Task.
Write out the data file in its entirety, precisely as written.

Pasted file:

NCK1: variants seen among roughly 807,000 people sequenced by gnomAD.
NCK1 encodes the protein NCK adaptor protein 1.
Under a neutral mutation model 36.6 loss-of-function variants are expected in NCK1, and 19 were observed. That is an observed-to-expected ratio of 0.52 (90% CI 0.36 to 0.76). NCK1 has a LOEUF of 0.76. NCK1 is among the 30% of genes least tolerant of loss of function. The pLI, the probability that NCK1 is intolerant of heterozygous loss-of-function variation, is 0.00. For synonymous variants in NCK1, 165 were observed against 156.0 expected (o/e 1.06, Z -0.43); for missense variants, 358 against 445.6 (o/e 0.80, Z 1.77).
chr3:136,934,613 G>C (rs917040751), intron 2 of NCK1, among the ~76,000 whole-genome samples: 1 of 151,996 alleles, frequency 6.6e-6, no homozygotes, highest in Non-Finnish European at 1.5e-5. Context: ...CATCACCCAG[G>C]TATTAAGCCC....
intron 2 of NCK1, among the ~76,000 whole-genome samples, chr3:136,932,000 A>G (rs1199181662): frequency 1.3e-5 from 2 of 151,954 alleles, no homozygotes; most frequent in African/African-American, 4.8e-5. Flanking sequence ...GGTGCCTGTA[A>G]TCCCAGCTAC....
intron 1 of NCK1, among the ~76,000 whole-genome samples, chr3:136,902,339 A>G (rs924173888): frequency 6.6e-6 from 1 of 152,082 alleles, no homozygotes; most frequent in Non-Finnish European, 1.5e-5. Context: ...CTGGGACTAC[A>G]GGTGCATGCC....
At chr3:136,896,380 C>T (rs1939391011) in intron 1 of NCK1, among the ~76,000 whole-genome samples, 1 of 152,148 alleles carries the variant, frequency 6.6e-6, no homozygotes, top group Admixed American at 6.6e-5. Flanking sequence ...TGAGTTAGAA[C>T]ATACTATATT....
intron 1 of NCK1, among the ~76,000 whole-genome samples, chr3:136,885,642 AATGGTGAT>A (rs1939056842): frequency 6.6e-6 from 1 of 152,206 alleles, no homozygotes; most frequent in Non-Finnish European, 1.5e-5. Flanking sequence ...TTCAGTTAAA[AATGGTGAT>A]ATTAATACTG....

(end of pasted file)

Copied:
NCK1: variants seen among roughly 807,000 people sequenced by gnomAD.
NCK1 encodes the protein NCK adaptor protein 1.
Under a neutral mutation model 36.6 loss-of-function variants are expected in NCK1, and 19 were observed. That is an observed-to-expected ratio of 0.52 (90% CI 0.36 to 0.76). NCK1 has a LOEUF of 0.76. NCK1 is among the 30% of genes least tolerant of loss of function. The pLI, the probability that NCK1 is intolerant of heterozygous loss-of-function variation, is 0.00. For synonymous variants in NCK1, 165 were observed against 156.0 expected (o/e 1.06, Z -0.43); for missense variants, 358 against 445.6 (o/e 0.80, Z 1.77).
chr3:136,934,613 G>C (rs917040751), intron 2 of NCK1, among the ~76,000 whole-genome samples: 1 of 151,996 alleles, frequency 6.6e-6, no homozygotes, highest in Non-Finnish European at 1.5e-5. Context: ...CATCACCCAG[G>C]TATTAAGCCC....
intron 2 of NCK1, among the ~76,000 whole-genome samples, chr3:136,932,000 A>G (rs1199181662): frequency 1.3e-5 from 2 of 151,954 alleles, no homozygotes; most frequent in African/African-American, 4.8e-5. Flanking sequence ...GGTGCCTGTA[A>G]TCCCAGCTAC....
intron 1 of NCK1, among the ~76,000 whole-genome samples, chr3:136,902,339 A>G (rs924173888): frequency 6.6e-6 from 1 of 152,082 alleles, no homozygotes; most frequent in Non-Finnish European, 1.5e-5. Context: ...CTGGGACTAC[A>G]GGTGCATGCC....
At chr3:136,896,380 C>T (rs1939391011) in intron 1 of NCK1, among the ~76,000 whole-genome samples, 1 of 152,148 alleles carries the variant, frequency 6.6e-6, no homozygotes, top group Admixed American at 6.6e-5. Flanking sequence ...TGAGTTAGAA[C>T]ATACTATATT....
intron 1 of NCK1, among the ~76,000 whole-genome samples, chr3:136,885,642 AATGGTGAT>A (rs1939056842): frequency 6.6e-6 from 1 of 152,206 alleles, no homozygotes; most frequent in Non-Finnish European, 1.5e-5. Flanking sequence ...TTCAGTTAAA[AATGGTGAT>A]ATTAATACTG....